Alternative plans for FI and a new definition: Frugally Independent
I’m writing this post on the way home from work at 8:45pm on a Monday evening which is horribly ironic not just because this is a blog about attempting to work less. You see I also had a session pencilled in for writing up my CV tonight, so I can get it out there and see if I could alter my current plan in any significant way, which is simply to ride out my current job for another
five four years and then tell them where to stick it. It is almost like they knew this and set some really harsh deadlines at short notice to scupper my CV writing session! Maybe this is another reason why people work until they’re 65, they are so busy working they don’t get time to think about or do much else?! Anyway… I digress.
Is there an better plan for FI?
Guy from Early Retirement Guy wrote a few weeks ago asking for advice on his dilemma between cash or comfort; whether to take a possibly lucrative new job with potentially higher stress, or stick with the comfort of his current job that he can do with his eyes shut. This, along with tonnes of other stuff I’ve read and friends I’ve spoken with really got me thinking about other ways of achieving FI, and also what FI really means to me. I think, and if you’ve read from the beginning it should be fairly obvious, really all I want to do is free up some time, to pursue one or two admittedly aimless hobbies (golf), and a few rather more productive activities (trying my hand at the small scale business world, or “side hustling”, learning as much as possible in fields I don’t know about, volunteering for a cause I feel close to the heart of, etc…). It strikes me that FI is not really an all or nothing concept, although maybe the Internet Retirement Police (or even a new special branch… the Internet FI.B.I. perhaps?) may have something to say about that. We could argue about the pedantic details of these concepts and the definitions of specific terms all day, so rather than do that I just thought it would be easier to propose a new term:
“What does it mean?” I hear you all chant in unison!
Well it’s quite simple, it just means you have learned to live (well) below your means, and therefore do not need a high paying or even full time job to cover all your needs, and most likely all of your wants as well. You may also have built your skill-set around something you can trade your valuable time for a high hourly £££ rate, such as Wade at Destination Financial Wisdom. By avoiding lifestyle inflation and spending everything you earn (and then some) like the majority of people you already open yourself up to options. One of those options is to build a huge stash in quick time (say, 10 years), invest it all into index funds, then say goodbye to the rat race and live off the proceeds for the rest of your life. But I feel there are other options out there to the frugally independent, those who may not want to give up such a large amount of time up front before starting to get some of their time back. Delayed gratification is the cornerstone of achieving early FI, but if you can have the best of both worlds now then why the hell not? So here are a few alternate ideas of FI, or how to be Frugally Independent:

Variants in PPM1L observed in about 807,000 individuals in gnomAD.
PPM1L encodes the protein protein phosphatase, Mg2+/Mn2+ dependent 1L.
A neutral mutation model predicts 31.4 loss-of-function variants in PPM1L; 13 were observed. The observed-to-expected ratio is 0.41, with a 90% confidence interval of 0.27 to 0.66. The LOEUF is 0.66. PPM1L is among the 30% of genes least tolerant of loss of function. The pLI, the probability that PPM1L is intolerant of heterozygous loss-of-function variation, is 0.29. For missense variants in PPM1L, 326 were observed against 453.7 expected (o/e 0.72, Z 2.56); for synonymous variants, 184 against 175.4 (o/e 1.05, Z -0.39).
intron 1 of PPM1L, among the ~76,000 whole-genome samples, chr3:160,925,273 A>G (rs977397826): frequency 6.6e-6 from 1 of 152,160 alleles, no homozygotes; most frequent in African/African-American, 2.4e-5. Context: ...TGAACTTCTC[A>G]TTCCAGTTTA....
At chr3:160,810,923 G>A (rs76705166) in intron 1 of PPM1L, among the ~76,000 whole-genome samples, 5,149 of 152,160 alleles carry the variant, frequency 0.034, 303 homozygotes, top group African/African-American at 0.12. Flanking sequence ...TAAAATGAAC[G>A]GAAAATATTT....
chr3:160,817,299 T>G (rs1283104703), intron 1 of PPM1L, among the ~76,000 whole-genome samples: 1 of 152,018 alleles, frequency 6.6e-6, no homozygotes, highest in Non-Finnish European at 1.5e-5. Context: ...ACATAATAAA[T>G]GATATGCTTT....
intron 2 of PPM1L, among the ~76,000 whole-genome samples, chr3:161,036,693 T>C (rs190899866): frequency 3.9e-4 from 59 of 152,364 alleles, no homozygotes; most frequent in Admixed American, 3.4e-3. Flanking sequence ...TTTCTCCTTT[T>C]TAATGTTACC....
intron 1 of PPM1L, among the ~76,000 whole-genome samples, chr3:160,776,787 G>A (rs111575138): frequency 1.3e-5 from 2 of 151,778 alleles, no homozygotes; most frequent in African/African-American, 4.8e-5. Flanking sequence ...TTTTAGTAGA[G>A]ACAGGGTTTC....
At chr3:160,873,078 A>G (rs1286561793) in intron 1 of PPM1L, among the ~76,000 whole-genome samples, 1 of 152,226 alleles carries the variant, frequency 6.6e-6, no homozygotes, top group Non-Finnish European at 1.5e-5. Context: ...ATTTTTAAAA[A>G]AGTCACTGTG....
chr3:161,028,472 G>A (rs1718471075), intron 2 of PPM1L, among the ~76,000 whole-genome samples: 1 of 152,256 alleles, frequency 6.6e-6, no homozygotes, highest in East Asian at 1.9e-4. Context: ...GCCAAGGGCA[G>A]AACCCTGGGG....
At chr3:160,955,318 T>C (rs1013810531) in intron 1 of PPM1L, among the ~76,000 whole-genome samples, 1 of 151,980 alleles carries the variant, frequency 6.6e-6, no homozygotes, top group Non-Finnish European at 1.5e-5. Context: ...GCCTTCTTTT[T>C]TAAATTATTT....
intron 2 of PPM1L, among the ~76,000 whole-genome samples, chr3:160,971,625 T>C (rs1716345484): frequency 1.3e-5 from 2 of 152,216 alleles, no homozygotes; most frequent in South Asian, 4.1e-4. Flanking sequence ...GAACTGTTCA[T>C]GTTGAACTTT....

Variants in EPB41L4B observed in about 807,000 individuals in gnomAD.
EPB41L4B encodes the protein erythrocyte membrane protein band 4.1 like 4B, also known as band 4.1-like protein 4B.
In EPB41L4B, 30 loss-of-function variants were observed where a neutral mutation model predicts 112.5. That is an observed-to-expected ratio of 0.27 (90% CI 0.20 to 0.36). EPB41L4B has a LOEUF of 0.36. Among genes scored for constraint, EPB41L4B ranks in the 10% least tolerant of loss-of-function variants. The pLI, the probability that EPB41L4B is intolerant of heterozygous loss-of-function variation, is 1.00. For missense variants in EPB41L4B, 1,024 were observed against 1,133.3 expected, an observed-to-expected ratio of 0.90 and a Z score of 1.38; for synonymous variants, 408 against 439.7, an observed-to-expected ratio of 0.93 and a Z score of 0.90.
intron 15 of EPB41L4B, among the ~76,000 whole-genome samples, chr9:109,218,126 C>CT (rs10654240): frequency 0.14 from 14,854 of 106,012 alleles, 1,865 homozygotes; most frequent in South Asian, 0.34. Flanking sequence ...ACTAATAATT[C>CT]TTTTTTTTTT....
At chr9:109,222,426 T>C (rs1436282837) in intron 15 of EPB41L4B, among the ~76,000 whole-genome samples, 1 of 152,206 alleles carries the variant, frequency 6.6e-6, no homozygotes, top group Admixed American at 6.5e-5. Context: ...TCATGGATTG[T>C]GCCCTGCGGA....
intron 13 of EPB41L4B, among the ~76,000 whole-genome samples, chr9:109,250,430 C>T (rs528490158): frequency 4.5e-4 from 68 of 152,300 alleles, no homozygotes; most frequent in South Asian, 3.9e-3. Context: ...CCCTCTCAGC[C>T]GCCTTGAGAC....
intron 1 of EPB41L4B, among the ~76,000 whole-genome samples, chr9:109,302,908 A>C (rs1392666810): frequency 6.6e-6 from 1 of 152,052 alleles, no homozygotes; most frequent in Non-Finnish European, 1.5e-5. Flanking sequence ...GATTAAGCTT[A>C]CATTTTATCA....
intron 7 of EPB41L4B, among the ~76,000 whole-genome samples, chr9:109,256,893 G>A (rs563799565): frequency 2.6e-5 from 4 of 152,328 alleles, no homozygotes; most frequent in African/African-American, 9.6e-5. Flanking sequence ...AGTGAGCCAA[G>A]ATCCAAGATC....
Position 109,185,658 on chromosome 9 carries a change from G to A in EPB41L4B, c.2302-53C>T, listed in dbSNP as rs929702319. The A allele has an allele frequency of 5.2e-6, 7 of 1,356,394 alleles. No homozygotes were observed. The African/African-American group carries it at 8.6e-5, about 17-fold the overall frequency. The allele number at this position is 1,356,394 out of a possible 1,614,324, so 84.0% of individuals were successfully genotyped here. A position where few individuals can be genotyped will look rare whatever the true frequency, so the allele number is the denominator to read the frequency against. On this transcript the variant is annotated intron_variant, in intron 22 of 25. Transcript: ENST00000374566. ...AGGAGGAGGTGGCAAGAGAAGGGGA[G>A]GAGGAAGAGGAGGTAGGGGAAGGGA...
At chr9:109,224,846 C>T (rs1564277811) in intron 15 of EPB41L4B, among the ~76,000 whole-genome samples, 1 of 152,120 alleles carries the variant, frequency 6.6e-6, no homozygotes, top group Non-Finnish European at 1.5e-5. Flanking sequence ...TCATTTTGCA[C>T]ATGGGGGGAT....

1. Freelance / Contractor work
2. Part time Work
3. Get a new job!
4. Save up 1/2/3 Years worth of expenses and go for broke setting up your own business
Out of these, I am currently seriously considering the top 3 right now, so let’s go through them in more detail.
Freelance / Contractor work
You can earn anywhere between £200-£500 per day contracting from what I can gather (maybe even more, but let’s be realistic here!). Let’s assume that due to my FI (Frugally Independent) nature I can live off of £14,000 a year, which is slightly more than my original target of £10k per year. While I still think this is doable, as mentioned I will keep it realistic (and as I am currently not hitting that, it would be a bit silly not to mention hypocritical to assume that figure!). Let’s also assume I still want to save a fairly decent chunk away for “proper retirement” per yea, say £3000 into an ISA and £4000 into a SIPP which equates to £5000 saved due to the tax benefits assuming a 20% tax rate. So my total net earnings would have to be £22,000. Pre tax earnings of £28k in normal employment gets me to roughly that figure, so I will work with that (There are some added tax breaks of working for yourself, but we’ll ignore those so it doesn’t get too messy. Let’s just say, this is the worst case scenario). If I can get a day rate of £200 a day, I would have to work 28000 / 200 = 140 days, which is 28 full 5 day weeks. So that means I would get 24 weeks off per year!!!!
This sounds very pleasant, but for extra rosie tinted spectacledness (totally a word, by the way) let’s try the upper reasonable limit on day rate which would be 28000 / 500 = 56 days = 11.2 weeks of work per year. This equates to over 40 weeks off per year. Where do I sign up please?! Before I get too excited, I must remember that there would be some negatives: